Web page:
Issue Vol18 Iss4
Holiday Wholesale doubles the size of its headquarters to broaden its product mix and bring greater opportunity to its customers.
Holiday Wholesale has prided itself on providing the “best possible service at the best possible price since 1951” when founder Bud Gussel began selling candy and cigarettes out of the back of his car in Wisconsin Dells, Wis. “We are a family owned company with family values and really concentrate heavily on working independent and mom-and-pop businesses throughout Wisconsin,” Foodservice Director Michael Weaver says.
Gussel made a $26 profit his first week of business and purchased a station wagon in 1952 to begin delivering goods to his customers. In 1956, Gussel Distributing – which Holiday Wholesale was called at the time – outgrew the small garage it operated from and moved into a building on Superior Street in Wisconsin Dells. Through the years, the company continued to grow and expand its product line.
Today, Holiday Wholesale is still located in Wisconsin Dells and is a broadline distributor with about 600 employees serving more than 6,500 customers throughout Wisconsin and parts of Illinois, Michigan, Iowa and Minnesota. Its customers have grown to include any business or organization that purchases the health and beauty, candy, snacks, beverages, groceries, chilled and frozen foods, sundries, auto care and accessories, chemicals, paper and plastic, equipment and smallwares and tobacco.
Twice per year, Holiday Wholesale hosts a spring and fall food show to better connect its customers with products and suppliers such as Taste Traditions of Omaha, Neb., UniPro Foodservice and McCain USA Foodservice. Gussel and his company developed the show more than four decades ago to showcase the ever-changing innovations of the retail sector that Holiday Wholesale represents.
“It gives our suppliers a chance to get out in front of customers, collaborate and show their products,” Weaver adds. “That’s what our food shows are all about – helping independent companies see what’s trendy and ways they can grow their business.”
In addition to its annual food shows, Holiday Wholesale’s 48 outside sales representatives visit customers regularly, taking orders for next-day delivery. The company trains its sales teams, both internal and external, on product knowledge regularly. “We do kitchen training weekly so they learn more about the current portfolio and any new products coming out so they can bring those opportunities to our customers,” Weaver says.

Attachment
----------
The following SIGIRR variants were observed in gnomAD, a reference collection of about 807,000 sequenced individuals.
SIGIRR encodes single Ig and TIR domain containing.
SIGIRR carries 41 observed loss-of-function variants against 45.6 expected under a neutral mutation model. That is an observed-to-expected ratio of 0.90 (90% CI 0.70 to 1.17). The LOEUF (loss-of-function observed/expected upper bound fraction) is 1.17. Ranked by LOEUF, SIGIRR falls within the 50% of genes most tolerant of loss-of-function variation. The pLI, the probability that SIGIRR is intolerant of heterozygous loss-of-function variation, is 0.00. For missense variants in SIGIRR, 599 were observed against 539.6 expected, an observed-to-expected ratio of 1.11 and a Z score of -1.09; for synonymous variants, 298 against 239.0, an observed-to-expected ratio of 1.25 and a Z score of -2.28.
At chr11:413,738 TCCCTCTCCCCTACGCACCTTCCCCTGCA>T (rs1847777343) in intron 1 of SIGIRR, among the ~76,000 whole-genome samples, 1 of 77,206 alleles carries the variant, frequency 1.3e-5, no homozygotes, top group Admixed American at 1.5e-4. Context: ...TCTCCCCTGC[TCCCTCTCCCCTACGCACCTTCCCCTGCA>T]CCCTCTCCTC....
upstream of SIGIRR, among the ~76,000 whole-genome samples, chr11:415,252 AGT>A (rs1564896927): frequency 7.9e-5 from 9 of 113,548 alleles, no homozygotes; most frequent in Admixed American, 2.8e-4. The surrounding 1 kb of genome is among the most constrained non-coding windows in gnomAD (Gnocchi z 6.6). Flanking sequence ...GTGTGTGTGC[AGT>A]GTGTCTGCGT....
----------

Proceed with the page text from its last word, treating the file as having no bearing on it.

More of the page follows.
Holiday Wholesale not only provides its employees with regular training, it also encourages further development to be promoted from within. The company also hosts a number of employee appreciation events, including family days. “We have a strong family atmosphere and do a lot of things for the employees,” Weaver notes. “People bring their kids to work sometimes and younger families bring in their new babies – we have 600 families who really do depend on us to get it right.”
Holiday Wholesale is expanding its headquarters in Wisconsin Dells that will double the size of its existing facility to 100,000 square feet and allow for greater product diversity. The new multi-temp facility will feature state-of-the-art equipment to house its frozen, refrigerated and dry goods. “The new facility will allow us to go from serving 600 locations to just over 4,000 locations in the freezer section alone,” Weaver notes.
The new facility will operate as a pick-by-wire system for greater accuracy and employee safety. “The system is safer and more efficient for our employees,” Weaver says. “With more narrow aisles, a custom forklift is required to pick product and the width reduces the ability for an employee to turn the forklift too short and unintentionally damage product.”
The expansion is expected to be completed next year. Holiday Wholesale then plans to expand its fresh produce and beverage lines into a “better, broader product mix,” Weaver says, as well as implement new training programs.
Moving forward, Holiday Wholesale plans to continue growing and focusing on independent businesses in Wisconsin. “This is our sweet spot,” Weaver notes. “There are so many things we can still get better at and do a better job with the customer we have now that we are pretty geographically satisfied.”